I think we should let Oxford wear its colonial and racist past on its lapel. Turn this into something good and useful. In the future, tens of thousands of influentiable young students will walk before that statue. Some will gaze at it. Some would read my imaginary plaque and learn. Such a plaque could be free of heavy-handed judgement. It could merely quote Rhodes and let the reader think about it for themselves.

I know! A little juxtaposition, a favourite at universities. Start with the actual words of Rhodes’ bequest:

My desire being that the students who shall be elected to the scholarships shall not be merely book-worms, I direct that in the election of a student to a scholarship, regard shall be had to:

  1. His literary and scholastic attainments.

  2. His fondness of and success in manly outdoor sports, such as cricket, football and the like.

  3. His qualities of manhood, truth, courage, devotion to duty, sympathy for the protection of the weak, kindliness, unselfishness, and fellowship, and

  4. His exhibition during school days of moral force of character and of instincts to lead and to take an interest in his schoolmates, for those latter attributes will be likely in after-life to guide him to esteem the performance of public duties as his highest aim.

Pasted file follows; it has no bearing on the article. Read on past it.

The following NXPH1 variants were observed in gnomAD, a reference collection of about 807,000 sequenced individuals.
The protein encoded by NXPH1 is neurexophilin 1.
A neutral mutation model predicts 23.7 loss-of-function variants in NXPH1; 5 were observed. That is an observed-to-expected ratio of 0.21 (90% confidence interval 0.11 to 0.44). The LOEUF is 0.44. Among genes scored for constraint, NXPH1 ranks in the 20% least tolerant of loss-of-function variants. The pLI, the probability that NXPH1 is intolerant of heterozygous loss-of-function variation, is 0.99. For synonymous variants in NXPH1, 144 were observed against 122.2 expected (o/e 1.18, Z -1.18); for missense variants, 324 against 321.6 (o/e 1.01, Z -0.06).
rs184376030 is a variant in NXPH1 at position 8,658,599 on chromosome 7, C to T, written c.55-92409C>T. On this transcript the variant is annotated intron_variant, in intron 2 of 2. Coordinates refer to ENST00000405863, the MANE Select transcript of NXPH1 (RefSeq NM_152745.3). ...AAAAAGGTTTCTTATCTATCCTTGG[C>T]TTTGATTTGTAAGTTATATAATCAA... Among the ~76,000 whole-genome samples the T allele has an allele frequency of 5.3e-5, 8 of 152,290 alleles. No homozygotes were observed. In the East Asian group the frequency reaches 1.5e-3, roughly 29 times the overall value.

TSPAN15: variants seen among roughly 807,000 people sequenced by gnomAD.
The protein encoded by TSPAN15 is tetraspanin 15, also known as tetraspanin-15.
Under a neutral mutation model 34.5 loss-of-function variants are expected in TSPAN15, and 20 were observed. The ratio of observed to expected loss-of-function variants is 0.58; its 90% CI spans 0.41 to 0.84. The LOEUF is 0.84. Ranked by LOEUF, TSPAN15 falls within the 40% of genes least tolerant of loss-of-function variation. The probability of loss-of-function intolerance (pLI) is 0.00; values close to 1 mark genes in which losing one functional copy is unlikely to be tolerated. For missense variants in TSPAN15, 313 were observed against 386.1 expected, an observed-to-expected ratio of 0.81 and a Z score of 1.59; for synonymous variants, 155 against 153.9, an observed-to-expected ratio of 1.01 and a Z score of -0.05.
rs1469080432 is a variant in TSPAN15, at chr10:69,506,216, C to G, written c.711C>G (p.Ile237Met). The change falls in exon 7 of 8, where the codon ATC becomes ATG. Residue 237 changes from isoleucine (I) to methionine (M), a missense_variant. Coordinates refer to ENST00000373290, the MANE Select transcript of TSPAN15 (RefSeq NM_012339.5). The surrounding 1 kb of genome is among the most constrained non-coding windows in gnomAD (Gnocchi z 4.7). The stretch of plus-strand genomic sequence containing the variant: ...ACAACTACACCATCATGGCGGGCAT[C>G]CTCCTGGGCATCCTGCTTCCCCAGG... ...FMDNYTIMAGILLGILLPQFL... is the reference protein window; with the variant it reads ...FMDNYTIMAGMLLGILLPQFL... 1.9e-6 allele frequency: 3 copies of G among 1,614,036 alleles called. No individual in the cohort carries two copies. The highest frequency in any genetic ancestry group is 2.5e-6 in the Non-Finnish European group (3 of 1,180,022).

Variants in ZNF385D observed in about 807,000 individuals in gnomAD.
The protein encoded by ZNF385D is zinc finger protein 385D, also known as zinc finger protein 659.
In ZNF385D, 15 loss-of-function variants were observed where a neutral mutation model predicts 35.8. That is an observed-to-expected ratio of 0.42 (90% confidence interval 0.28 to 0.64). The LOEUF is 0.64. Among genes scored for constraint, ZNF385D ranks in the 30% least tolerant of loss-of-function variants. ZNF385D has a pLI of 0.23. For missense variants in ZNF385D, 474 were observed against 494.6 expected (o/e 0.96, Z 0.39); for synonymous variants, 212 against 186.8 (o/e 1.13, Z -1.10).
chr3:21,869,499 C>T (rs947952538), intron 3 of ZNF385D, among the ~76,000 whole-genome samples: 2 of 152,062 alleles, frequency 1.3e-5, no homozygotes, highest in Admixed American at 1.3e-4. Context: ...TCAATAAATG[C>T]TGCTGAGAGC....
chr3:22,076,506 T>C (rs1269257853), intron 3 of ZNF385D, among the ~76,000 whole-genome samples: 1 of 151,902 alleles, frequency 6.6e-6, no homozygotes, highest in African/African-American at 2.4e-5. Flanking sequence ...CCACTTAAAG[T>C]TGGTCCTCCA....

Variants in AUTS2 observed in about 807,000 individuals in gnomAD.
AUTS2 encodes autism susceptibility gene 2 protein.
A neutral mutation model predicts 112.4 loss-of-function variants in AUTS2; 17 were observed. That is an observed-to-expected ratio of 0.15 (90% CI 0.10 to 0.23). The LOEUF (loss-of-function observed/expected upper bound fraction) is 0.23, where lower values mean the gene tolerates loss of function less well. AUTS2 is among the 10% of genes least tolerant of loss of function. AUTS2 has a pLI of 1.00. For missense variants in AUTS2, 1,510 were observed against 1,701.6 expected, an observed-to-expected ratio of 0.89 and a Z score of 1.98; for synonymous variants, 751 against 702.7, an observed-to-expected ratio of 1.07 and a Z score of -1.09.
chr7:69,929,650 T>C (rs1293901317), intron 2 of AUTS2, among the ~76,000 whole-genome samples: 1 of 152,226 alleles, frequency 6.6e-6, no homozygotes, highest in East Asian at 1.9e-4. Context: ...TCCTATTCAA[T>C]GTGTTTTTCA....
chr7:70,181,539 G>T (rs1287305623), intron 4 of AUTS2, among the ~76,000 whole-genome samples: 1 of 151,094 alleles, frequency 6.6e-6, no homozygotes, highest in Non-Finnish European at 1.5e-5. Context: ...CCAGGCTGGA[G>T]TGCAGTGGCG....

Then, to shed further light on what might at this point appear to be anachronistic thinking and nothing more, juxtapose the following quotation from his formative years, from when he was a young man with a fire in his belly, keen to remake the world:

I contend that we are the finest race in the world and that the more of the world we inhabit the better it is for the human race. Just fancy those parts that are at present inhabited by the most despicable specimens of human beings what an alteration there would be if they were brought under Anglo-Saxon influence, look again at the extra employment a new country added to our dominions gives. I contend that every acre added to our territory means in the future birth to some more of the English race who otherwise would not be brought into existence.

Me cago en la leche!

Enough to spark minds, I contend. A few of the influentiable would read that and find out more and—being of course from Oxford and destined to be very important themselves—would become men and women of influence who understand this world a little better and seek to make it a little better thanks to what they know.

Oxford would be acknowledging their history. A colonial history. It’s better than forgetting, or constraining such knowledge to those who have the time or money or inclination to take a history course on colonialism.

Don’t tear down. Repurpose. Make it a statue that shames us, or them, or… just makes you think “well some-fucking-body should be ashamed!”

Make it mean what you think it should mean in this moment. That’s the truly postcolonial, postmodern thing to do.

Tearing down is not teaching, not opening minds, not ameliorating wrongs. Its sanitising for the sake of forgetting. As I understand it, forgetting is the opposite of what the Rhodes Must Fall campaign is about. So make the means match. Repurpose Rhodes. You could even put a hashtag on that.